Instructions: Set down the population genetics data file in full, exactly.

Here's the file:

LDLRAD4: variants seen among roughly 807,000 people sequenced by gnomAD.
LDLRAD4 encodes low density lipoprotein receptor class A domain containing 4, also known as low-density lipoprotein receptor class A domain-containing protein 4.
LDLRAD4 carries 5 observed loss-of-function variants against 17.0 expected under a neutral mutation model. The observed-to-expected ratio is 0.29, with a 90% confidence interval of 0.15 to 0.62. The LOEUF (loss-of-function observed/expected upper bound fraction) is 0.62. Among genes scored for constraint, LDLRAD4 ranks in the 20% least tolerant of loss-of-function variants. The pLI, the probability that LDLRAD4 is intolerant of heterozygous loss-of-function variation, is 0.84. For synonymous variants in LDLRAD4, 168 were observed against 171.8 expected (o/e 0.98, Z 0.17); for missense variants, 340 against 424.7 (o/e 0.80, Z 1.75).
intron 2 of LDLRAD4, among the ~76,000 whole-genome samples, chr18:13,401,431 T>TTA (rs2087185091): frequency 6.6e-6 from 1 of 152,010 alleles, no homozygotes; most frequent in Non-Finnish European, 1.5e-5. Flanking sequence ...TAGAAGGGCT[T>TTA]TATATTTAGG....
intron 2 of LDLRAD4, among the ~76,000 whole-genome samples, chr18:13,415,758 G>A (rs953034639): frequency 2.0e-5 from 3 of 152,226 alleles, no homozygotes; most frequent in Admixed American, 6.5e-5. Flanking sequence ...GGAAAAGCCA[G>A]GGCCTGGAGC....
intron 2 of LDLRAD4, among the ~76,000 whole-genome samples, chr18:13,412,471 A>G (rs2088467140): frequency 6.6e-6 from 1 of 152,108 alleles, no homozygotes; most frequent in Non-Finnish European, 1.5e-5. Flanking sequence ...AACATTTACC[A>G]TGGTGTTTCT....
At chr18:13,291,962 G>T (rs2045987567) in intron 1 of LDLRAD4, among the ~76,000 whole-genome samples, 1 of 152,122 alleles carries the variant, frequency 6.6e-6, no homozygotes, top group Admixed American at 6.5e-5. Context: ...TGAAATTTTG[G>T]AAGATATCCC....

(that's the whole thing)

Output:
LDLRAD4: variants seen among roughly 807,000 people sequenced by gnomAD.
LDLRAD4 encodes low density lipoprotein receptor class A domain containing 4, also known as low-density lipoprotein receptor class A domain-containing protein 4.
LDLRAD4 carries 5 observed loss-of-function variants against 17.0 expected under a neutral mutation model. The observed-to-expected ratio is 0.29, with a 90% confidence interval of 0.15 to 0.62. The LOEUF (loss-of-function observed/expected upper bound fraction) is 0.62. Among genes scored for constraint, LDLRAD4 ranks in the 20% least tolerant of loss-of-function variants. The pLI, the probability that LDLRAD4 is intolerant of heterozygous loss-of-function variation, is 0.84. For synonymous variants in LDLRAD4, 168 were observed against 171.8 expected (o/e 0.98, Z 0.17); for missense variants, 340 against 424.7 (o/e 0.80, Z 1.75).
intron 2 of LDLRAD4, among the ~76,000 whole-genome samples, chr18:13,401,431 T>TTA (rs2087185091): frequency 6.6e-6 from 1 of 152,010 alleles, no homozygotes; most frequent in Non-Finnish European, 1.5e-5. Flanking sequence ...TAGAAGGGCT[T>TTA]TATATTTAGG....
intron 2 of LDLRAD4, among the ~76,000 whole-genome samples, chr18:13,415,758 G>A (rs953034639): frequency 2.0e-5 from 3 of 152,226 alleles, no homozygotes; most frequent in Admixed American, 6.5e-5. Flanking sequence ...GGAAAAGCCA[G>A]GGCCTGGAGC....
intron 2 of LDLRAD4, among the ~76,000 whole-genome samples, chr18:13,412,471 A>G (rs2088467140): frequency 6.6e-6 from 1 of 152,108 alleles, no homozygotes; most frequent in Non-Finnish European, 1.5e-5. Flanking sequence ...AACATTTACC[A>G]TGGTGTTTCT....
At chr18:13,291,962 G>T (rs2045987567) in intron 1 of LDLRAD4, among the ~76,000 whole-genome samples, 1 of 152,122 alleles carries the variant, frequency 6.6e-6, no homozygotes, top group Admixed American at 6.5e-5. Context: ...TGAAATTTTG[G>T]AAGATATCCC....